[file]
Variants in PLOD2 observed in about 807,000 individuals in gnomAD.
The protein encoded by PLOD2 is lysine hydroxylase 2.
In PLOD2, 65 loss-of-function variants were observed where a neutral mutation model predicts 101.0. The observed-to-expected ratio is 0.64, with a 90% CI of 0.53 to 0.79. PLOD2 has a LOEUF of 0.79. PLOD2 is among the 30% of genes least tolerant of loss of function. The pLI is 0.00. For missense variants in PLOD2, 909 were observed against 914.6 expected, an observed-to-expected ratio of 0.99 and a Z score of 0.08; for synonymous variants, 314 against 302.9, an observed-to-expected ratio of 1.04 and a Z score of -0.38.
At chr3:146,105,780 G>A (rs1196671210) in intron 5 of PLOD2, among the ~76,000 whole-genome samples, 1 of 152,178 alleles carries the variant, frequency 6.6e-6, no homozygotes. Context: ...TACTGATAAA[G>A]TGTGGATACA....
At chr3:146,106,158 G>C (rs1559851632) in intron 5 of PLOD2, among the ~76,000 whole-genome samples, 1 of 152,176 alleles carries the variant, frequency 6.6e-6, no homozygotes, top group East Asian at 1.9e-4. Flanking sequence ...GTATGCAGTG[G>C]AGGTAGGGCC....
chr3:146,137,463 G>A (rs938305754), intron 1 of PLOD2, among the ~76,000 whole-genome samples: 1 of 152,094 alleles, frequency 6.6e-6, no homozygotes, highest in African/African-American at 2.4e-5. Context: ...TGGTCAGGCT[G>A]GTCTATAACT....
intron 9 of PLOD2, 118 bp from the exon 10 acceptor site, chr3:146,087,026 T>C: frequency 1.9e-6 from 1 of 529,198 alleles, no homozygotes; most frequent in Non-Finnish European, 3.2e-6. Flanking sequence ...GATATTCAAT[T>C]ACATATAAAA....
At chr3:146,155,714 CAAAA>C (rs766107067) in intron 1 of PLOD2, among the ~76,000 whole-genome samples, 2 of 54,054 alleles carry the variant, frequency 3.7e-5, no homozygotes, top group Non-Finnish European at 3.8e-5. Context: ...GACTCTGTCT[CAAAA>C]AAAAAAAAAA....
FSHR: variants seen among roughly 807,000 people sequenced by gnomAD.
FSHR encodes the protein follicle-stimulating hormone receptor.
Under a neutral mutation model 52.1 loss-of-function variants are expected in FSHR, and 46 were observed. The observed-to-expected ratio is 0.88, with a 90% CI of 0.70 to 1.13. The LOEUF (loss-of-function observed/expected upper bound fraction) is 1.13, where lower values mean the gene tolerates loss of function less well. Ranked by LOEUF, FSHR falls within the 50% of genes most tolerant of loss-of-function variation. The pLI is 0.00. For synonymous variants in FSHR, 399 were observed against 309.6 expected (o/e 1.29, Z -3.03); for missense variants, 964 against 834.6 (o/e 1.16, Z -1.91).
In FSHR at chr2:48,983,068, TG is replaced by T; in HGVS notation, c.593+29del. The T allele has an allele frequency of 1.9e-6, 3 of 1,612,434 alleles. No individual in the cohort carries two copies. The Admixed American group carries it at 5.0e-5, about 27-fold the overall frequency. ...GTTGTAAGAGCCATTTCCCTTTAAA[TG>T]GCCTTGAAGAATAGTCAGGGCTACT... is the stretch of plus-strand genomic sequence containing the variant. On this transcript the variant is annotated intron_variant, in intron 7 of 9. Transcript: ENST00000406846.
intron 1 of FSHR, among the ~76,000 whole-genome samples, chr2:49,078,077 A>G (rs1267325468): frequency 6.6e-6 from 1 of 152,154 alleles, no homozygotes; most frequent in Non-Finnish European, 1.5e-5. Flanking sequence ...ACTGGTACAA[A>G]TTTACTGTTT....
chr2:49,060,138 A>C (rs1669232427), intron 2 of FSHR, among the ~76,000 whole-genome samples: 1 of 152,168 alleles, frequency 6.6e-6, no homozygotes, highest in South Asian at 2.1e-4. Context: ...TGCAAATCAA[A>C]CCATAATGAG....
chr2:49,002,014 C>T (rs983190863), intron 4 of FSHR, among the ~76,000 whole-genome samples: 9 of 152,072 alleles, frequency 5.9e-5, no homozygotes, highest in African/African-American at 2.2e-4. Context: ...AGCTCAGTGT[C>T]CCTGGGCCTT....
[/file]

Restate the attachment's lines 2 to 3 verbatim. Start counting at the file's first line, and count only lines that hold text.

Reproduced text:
The protein encoded by PLOD2 is lysine hydroxylase 2.
In PLOD2, 65 loss-of-function variants were observed where a neutral mutation model predicts 101.0. The observed-to-expected ratio is 0.64, with a 90% CI of 0.53 to 0.79. PLOD2 has a LOEUF of 0.79. PLOD2 is among the 30% of genes least tolerant of loss of function. The pLI is 0.00. For missense variants in PLOD2, 909 were observed against 914.6 expected, an observed-to-expected ratio of 0.99 and a Z score of 0.08; for synonymous variants, 314 against 302.9, an observed-to-expected ratio of 1.04 and a Z score of -0.38.